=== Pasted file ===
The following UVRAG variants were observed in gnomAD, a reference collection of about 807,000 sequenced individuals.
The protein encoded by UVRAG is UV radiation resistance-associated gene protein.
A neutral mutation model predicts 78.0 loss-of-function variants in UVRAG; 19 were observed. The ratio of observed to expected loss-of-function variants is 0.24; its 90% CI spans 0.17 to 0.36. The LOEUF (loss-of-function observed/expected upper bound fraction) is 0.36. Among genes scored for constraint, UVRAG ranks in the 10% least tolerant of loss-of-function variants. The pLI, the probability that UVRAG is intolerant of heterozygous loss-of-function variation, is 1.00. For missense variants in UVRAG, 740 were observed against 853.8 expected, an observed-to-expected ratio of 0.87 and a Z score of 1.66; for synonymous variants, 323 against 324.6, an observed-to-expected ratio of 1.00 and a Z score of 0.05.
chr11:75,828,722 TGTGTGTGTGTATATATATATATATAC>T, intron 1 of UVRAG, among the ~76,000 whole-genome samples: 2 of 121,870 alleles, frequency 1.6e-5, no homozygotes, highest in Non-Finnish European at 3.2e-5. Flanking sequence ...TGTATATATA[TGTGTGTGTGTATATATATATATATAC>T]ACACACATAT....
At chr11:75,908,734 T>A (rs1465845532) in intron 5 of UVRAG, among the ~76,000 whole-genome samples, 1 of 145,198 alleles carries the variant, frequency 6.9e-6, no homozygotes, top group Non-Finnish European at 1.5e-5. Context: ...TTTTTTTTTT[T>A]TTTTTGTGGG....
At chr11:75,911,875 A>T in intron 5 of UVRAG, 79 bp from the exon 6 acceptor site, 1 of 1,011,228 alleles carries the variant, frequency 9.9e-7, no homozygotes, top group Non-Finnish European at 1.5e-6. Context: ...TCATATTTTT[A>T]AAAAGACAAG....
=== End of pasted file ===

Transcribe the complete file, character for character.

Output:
The following UVRAG variants were observed in gnomAD, a reference collection of about 807,000 sequenced individuals.
The protein encoded by UVRAG is UV radiation resistance-associated gene protein.
A neutral mutation model predicts 78.0 loss-of-function variants in UVRAG; 19 were observed. The ratio of observed to expected loss-of-function variants is 0.24; its 90% CI spans 0.17 to 0.36. The LOEUF (loss-of-function observed/expected upper bound fraction) is 0.36. Among genes scored for constraint, UVRAG ranks in the 10% least tolerant of loss-of-function variants. The pLI, the probability that UVRAG is intolerant of heterozygous loss-of-function variation, is 1.00. For missense variants in UVRAG, 740 were observed against 853.8 expected, an observed-to-expected ratio of 0.87 and a Z score of 1.66; for synonymous variants, 323 against 324.6, an observed-to-expected ratio of 1.00 and a Z score of 0.05.
chr11:75,828,722 TGTGTGTGTGTATATATATATATATAC>T, intron 1 of UVRAG, among the ~76,000 whole-genome samples: 2 of 121,870 alleles, frequency 1.6e-5, no homozygotes, highest in Non-Finnish European at 3.2e-5. Flanking sequence ...TGTATATATA[TGTGTGTGTGTATATATATATATATAC>T]ACACACATAT....
At chr11:75,908,734 T>A (rs1465845532) in intron 5 of UVRAG, among the ~76,000 whole-genome samples, 1 of 145,198 alleles carries the variant, frequency 6.9e-6, no homozygotes, top group Non-Finnish European at 1.5e-5. Context: ...TTTTTTTTTT[T>A]TTTTTGTGGG....
At chr11:75,911,875 A>T in intron 5 of UVRAG, 79 bp from the exon 6 acceptor site, 1 of 1,011,228 alleles carries the variant, frequency 9.9e-7, no homozygotes, top group Non-Finnish European at 1.5e-6. Context: ...TCATATTTTT[A>T]AAAAGACAAG....